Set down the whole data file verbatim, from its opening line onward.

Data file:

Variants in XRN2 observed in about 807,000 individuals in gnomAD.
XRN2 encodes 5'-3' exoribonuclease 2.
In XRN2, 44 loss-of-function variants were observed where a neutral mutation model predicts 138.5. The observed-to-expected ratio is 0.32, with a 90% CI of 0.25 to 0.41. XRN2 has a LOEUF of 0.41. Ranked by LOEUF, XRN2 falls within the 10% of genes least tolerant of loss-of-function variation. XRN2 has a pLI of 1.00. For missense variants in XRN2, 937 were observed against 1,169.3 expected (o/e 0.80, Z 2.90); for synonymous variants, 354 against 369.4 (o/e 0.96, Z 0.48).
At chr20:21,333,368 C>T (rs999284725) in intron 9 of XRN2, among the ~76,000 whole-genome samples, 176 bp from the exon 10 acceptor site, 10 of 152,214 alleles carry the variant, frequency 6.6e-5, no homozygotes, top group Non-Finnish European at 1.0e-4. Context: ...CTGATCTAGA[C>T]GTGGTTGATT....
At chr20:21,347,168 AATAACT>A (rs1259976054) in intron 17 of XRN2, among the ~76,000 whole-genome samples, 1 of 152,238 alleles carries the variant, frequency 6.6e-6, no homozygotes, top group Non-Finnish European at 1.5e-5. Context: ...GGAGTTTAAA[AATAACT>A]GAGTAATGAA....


Variants in XRN2 observed in about 807,000 individuals in gnomAD.
XRN2 encodes 5'-3' exoribonuclease 2.
In XRN2, 44 loss-of-function variants were observed where a neutral mutation model predicts 138.5. The observed-to-expected ratio is 0.32, with a 90% CI of 0.25 to 0.41. XRN2 has a LOEUF of 0.41. Ranked by LOEUF, XRN2 falls within the 10% of genes least tolerant of loss-of-function variation. XRN2 has a pLI of 1.00. For missense variants in XRN2, 937 were observed against 1,169.3 expected (o/e 0.80, Z 2.90); for synonymous variants, 354 against 369.4 (o/e 0.96, Z 0.48).
At chr20:21,333,368 C>T (rs999284725) in intron 9 of XRN2, among the ~76,000 whole-genome samples, 176 bp from the exon 10 acceptor site, 10 of 152,214 alleles carry the variant, frequency 6.6e-5, no homozygotes, top group Non-Finnish European at 1.0e-4. Context: ...CTGATCTAGA[C>T]GTGGTTGATT....
At chr20:21,347,168 AATAACT>A (rs1259976054) in intron 17 of XRN2, among the ~76,000 whole-genome samples, 1 of 152,238 alleles carries the variant, frequency 6.6e-6, no homozygotes, top group Non-Finnish European at 1.5e-5. Context: ...GGAGTTTAAA[AATAACT>A]GAGTAATGAA....